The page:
Gene Tunney should have been the living portrait of the certified American hero. He was the young handsome stalwart fighting Marine of World War I, square-jawed and fearless. He reached for the heavyweight championship of the world and won it, from Jack Dempsey.

He also beat the big odds that said this New York Irish kid, this high school dropout of 15 would never master Sheakespeare and be asked to lecture at Yale. He made a million dollars in one fight, and poor no more, married the heiress of his dreams, Andrew Carnegie's niece.

He was all of those things, but complete admiration escaped Tunney. The flaws were two. He was the man who beat a popular idol when he twice destroyed Dempsey. And there was a personality defect. Unlike hi-ya-guy Dempsey, he lacked the common touch, choosing to hang out with scholars.

In his pursuit of culture, Tunney took a walking tour of Europe, cultivated Yale professor William Lyons Phelps, and went swimming with George Bernard Shaw. To the genius fight fan this added up to uppity.

These are some of the recollections prompted by Tunney's death this week at age 80. I was at ringside that Sept. 19, 51 years ago in Soldier Field, Chicago, when the battle of the long count saved Tunney's title and gave America one of its most enduring debates. There also is a vivid memory of Dempsey fans screaming, "Come on, Jack," after he floored Tunney in round seven, more cheers for Dempsey in that one round than for Tunney in the eight he won in the 10-round fight.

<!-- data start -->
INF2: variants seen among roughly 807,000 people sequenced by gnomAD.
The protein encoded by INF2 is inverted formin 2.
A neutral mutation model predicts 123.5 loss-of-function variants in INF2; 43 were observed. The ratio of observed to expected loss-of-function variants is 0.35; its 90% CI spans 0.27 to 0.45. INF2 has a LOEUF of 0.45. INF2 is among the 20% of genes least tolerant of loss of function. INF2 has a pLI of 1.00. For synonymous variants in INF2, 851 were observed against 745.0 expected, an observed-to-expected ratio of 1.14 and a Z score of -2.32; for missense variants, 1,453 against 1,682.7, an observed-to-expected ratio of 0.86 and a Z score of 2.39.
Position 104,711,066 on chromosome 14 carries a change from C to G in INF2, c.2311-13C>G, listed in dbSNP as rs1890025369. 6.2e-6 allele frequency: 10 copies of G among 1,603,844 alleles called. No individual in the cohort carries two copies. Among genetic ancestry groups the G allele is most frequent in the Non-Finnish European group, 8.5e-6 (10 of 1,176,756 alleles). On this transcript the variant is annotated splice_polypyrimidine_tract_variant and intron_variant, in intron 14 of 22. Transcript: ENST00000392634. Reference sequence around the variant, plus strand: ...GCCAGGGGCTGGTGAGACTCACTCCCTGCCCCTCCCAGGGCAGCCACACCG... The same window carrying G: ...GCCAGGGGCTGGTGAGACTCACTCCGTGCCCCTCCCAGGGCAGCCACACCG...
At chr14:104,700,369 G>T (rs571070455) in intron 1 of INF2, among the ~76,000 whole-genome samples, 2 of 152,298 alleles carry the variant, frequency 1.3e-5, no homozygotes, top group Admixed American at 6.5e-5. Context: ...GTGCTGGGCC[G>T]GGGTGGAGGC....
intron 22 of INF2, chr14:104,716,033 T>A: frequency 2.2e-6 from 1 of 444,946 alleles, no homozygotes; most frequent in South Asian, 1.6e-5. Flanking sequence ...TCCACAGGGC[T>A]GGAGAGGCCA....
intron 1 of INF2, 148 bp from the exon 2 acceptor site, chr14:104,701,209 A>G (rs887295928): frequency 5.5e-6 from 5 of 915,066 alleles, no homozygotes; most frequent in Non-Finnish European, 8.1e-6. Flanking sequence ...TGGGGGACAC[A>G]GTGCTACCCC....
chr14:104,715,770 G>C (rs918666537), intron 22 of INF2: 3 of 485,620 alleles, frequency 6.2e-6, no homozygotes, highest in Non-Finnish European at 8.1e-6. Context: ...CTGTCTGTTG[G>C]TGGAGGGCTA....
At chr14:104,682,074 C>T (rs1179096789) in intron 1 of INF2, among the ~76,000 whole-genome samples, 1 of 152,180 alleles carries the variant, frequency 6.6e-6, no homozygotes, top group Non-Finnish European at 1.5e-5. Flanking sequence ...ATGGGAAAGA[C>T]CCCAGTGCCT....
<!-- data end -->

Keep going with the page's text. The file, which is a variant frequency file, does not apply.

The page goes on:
At Chicago there was a carry-over resentment of Tunney among many Americans. When he outpointed Dempsey the year before in Philadelphia, it was the first time that the heavyweight title had been won by a decision.

There was a wide, if mistaken belief, that this wasn't right. The heavyweight title should be won by a knockout. What happened to macho? As an onpoints heapyweight champ, Tunney was diminished in the minds of many.

This, it must be remembered, was the mid-20s, the so-called golden age of sports, and Dempsey-Tunney was part of it. This was the era of Babe Ruth and Bobby Jones and Bill Tilden and Red Grange and Helen Wills. Only a week before the long count in Chicago, Babe Ruth hit his 60th home run in Yankee Stadium against the Senators' Tom Zachary.

Sport's idols were fewer but they were giants. The irreverent Westbrook Pegler called it the Era of Wonderful Nonsense.

In the same methodical manner that he hung out in libraries to soak up knowledge, Tunney set his sights on Dempsey's title after turning pro following the war. He was ring-wise when he met Dempsey, having fought 77 bouts and losing only to Harry Greb, whom he twice licked in return bouts.